The 14-inch screen is another gem. The LED backlight helps colors pop and lets the panel conserve power. The 1,366x768 resolution is appropriate (and typical) for a panel this size, delivering crisp, legible text and icons. The panel also did well with video, exhibiting natural colors, excellent detail in shadow areas, and no discernible motion blur in action scenes. As with other laptops, the Q430-11’s stereo speakers are fine for typical Web video and for watching a movie, but the volume isn’t powerful enough to fill a room. Music reproduction is mediocre at best.

What isn’t mediocre is the performance from the Q430-11. Powered by a 2.4GHz Intel Core i5-450M CPU and 4GB of RAM, the laptop delivered scores on our tests that were generally above average for the class and in line with like-priced competitors such as the HP Pavilion dm4t and Asus U30Jc-1A. For example, on the 32-bit version of our PCMark Vantage test suite, which measures overall system performance, the Q430-11 scored 5,553, which is essentially a tie with the dm4t’s 5,516 on that test and notably higher than the Asus U30Jc-1A’s 4,744. On the 64-bit version of the same test, the Q430-11 scored 6,019—slightly above the HP entry’s 5,933, nearly 1,000 points better than the Asus system's result, and 600 points better than the average for this class of laptop. On the 64-bit version of another of our standard tests, Cinebench 10, which taxes all the available cores of the CPU, the Samsung entry scored 8,332 to the HP’s 8,190. It also handily beat the class average of 5,867 and the Asus U30Jc-1A’s 6,857.

The Q430-11 also proved to be a strong multimedia performer. It completed our Windows Media Encoder trial (in which the test laptop converts a standard video clip) in a tick under four minutes (compared with 4:09 for the HP Pavilion dm4t, 4:50 for the Asus model, and over five minutes for thin-and-lights as a whole). And on our iTunes test (which measures the time it takes to convert 11 standard MP3 files to AAC format), the Q430-11 took a bit longer than the HP and Asus competitors—3:41, versus 3:09 and 3:15. That's a detectable, but not huge, real-world difference.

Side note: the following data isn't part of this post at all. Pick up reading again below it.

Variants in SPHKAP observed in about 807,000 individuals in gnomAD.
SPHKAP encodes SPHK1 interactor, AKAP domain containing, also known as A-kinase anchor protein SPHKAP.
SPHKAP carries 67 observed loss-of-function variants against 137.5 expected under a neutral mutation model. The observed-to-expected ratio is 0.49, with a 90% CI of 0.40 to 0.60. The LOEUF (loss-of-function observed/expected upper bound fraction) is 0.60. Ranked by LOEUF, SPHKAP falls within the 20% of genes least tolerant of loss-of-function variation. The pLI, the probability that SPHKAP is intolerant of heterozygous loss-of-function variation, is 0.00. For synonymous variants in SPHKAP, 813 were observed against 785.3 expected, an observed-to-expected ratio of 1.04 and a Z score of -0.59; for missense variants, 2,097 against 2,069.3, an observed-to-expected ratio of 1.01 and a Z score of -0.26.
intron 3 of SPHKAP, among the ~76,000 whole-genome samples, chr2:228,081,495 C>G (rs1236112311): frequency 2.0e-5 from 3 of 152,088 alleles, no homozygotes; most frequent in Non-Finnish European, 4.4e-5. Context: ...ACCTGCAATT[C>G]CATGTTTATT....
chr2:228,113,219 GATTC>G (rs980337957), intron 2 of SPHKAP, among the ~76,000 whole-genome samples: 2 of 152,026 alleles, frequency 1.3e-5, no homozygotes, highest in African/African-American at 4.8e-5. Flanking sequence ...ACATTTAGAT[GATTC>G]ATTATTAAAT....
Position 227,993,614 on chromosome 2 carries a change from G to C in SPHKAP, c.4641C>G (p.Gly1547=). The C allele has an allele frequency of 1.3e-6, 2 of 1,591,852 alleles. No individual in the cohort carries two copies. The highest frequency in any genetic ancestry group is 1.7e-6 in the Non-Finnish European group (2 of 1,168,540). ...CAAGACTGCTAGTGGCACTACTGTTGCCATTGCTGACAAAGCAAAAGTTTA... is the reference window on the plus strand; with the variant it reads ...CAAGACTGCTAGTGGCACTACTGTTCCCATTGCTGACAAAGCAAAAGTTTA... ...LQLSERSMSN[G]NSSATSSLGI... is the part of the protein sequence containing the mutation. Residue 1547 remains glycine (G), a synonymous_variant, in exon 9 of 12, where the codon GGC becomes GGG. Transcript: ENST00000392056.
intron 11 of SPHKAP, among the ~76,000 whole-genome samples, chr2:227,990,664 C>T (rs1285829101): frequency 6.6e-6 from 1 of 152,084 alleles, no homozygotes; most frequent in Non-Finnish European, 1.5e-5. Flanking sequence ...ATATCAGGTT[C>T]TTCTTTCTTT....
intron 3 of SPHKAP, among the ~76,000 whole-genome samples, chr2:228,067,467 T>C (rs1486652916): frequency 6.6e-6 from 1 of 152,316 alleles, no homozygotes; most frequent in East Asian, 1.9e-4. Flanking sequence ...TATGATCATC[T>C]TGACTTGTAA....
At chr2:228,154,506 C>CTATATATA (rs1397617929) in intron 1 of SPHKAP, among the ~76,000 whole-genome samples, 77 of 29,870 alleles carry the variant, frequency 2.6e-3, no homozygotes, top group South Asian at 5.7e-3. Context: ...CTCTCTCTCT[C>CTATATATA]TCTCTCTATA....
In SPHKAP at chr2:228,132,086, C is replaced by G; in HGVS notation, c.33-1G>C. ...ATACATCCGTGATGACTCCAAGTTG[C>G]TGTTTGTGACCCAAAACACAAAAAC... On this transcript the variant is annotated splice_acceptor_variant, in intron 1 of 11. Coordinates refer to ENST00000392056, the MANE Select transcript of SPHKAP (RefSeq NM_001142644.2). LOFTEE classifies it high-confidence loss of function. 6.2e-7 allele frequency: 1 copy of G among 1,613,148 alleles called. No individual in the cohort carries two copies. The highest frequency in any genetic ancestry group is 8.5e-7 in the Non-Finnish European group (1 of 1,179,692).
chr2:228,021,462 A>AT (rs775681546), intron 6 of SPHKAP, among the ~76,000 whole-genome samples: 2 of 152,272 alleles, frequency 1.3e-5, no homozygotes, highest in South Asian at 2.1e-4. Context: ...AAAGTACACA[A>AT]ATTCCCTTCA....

Where you will see a difference in real-world use is in 3D-graphics performance. The Samsung Q430-11 employs a dedicated Nvidia GeForce 310M graphics chip, compared with the integrated graphics solution found in most—but not all—machines in this price class. That allowed the Q430-11 to deliver excellent scores on our 3D tests. On our 3DMark06 test (which measures DirectX 9 graphics performance) at 1,024x768 resolution, the Q430-11 managed 4,209, which is double the score posted by the HP Pavilion dm4t (2,098). However, the like-priced Asus U30Jc-1A kept pace. It features Nvidia's battery-saving Optimus hybrid graphics technology, which automatically activates the discrete graphics when necessary and then reverts to integrated graphics when not. The Asus machine scored a very close 4,091 on 3DMark06 at the same resolution.

The 3D-gaming abilities of the Q430-11 were also a pleasant surprise, seeing as some similarly priced competitors make you forgo high-frame-rate 3D gaming. For example, the HP Pavilion dm4t mustered only 22.3 frames per second (fps) at 1,024x768 resolution on our Company of Heroes test, and that number shrank to an unplayable 15.9fps at 1,366x768 with graphics effects set to high. In contrast, the Q430-11 rolled along at 47.2fps at the lower resolution setting and a still-playable 29.4fps at the higher one. (For its part, the Nvidia GeForce 310M chip in the Asus U30Jc-1A delivered an identical 47.2fps at 1,024x768 and a slightly better 33fps at the higher resolution.) What this tells us: Gaming within reason at these moderate resolutions is well within the skill set of the Q430-11, and social-media or Web-centric games will present no problem.